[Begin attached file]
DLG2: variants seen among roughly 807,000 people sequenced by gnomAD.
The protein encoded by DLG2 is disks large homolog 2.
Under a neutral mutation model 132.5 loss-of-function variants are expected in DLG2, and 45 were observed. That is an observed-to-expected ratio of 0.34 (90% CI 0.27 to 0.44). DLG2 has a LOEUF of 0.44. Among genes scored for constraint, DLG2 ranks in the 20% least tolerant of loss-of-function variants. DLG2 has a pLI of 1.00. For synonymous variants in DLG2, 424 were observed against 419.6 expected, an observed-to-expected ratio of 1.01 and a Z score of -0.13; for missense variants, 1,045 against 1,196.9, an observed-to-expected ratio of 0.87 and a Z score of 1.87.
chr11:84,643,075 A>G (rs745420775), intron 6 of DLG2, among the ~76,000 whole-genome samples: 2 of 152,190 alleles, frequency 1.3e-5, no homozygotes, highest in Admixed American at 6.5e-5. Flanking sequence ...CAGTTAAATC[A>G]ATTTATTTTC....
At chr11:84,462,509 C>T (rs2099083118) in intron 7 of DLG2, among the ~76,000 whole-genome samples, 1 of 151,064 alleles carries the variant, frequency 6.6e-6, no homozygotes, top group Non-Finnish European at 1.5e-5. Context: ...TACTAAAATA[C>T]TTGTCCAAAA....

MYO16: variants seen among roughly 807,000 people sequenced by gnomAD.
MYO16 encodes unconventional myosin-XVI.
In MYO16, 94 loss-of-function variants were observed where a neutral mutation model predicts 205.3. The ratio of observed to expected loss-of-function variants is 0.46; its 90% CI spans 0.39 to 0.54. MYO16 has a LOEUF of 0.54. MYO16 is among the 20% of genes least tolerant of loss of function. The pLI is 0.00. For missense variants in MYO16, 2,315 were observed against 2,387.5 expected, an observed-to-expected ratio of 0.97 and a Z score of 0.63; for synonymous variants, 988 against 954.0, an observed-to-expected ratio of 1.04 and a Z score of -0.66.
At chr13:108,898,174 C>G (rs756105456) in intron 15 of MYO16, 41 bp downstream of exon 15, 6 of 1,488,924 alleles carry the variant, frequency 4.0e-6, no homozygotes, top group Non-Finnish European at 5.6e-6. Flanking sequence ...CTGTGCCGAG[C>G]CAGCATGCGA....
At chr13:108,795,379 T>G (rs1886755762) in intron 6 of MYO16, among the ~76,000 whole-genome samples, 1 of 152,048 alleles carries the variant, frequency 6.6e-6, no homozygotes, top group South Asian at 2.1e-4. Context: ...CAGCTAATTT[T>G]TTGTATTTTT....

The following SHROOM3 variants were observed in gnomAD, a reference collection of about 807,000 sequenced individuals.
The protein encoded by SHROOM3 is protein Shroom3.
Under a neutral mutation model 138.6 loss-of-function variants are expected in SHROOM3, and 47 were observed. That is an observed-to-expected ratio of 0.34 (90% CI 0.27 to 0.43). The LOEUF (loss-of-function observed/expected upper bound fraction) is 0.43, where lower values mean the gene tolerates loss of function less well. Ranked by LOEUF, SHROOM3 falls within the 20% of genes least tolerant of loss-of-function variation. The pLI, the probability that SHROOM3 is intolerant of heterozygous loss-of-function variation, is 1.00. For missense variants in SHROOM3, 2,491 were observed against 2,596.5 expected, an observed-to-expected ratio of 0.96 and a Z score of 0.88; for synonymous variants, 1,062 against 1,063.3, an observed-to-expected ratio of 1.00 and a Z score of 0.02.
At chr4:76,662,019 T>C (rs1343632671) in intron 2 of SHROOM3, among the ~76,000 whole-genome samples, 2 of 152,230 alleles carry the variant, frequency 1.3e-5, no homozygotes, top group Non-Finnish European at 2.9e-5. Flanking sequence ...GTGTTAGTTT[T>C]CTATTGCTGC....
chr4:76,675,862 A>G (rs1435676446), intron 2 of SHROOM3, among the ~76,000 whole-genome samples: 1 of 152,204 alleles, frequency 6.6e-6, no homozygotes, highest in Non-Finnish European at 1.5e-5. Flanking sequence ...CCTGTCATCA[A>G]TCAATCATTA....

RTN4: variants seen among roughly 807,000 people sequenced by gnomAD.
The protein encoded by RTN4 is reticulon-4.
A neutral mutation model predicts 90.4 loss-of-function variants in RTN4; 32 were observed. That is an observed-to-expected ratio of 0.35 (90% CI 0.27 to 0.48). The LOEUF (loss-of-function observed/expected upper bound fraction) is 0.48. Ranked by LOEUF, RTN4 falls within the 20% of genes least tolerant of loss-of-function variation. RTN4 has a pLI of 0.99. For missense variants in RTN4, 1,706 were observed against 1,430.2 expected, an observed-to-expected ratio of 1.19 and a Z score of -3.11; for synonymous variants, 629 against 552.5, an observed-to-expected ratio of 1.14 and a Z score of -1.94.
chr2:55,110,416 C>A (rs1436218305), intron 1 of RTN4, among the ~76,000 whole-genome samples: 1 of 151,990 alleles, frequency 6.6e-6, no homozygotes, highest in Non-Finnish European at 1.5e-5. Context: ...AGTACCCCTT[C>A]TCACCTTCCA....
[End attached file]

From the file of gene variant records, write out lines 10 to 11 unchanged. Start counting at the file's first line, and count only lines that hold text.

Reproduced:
At chr13:108,795,379 T>G (rs1886755762) in intron 6 of MYO16, among the ~76,000 whole-genome samples, 1 of 152,048 alleles carries the variant, frequency 6.6e-6, no homozygotes, top group South Asian at 2.1e-4. Context: ...CAGCTAATTT[T>G]TTGTATTTTT....

The following SHROOM3 variants were observed in gnomAD, a reference collection of about 807,000 sequenced individuals.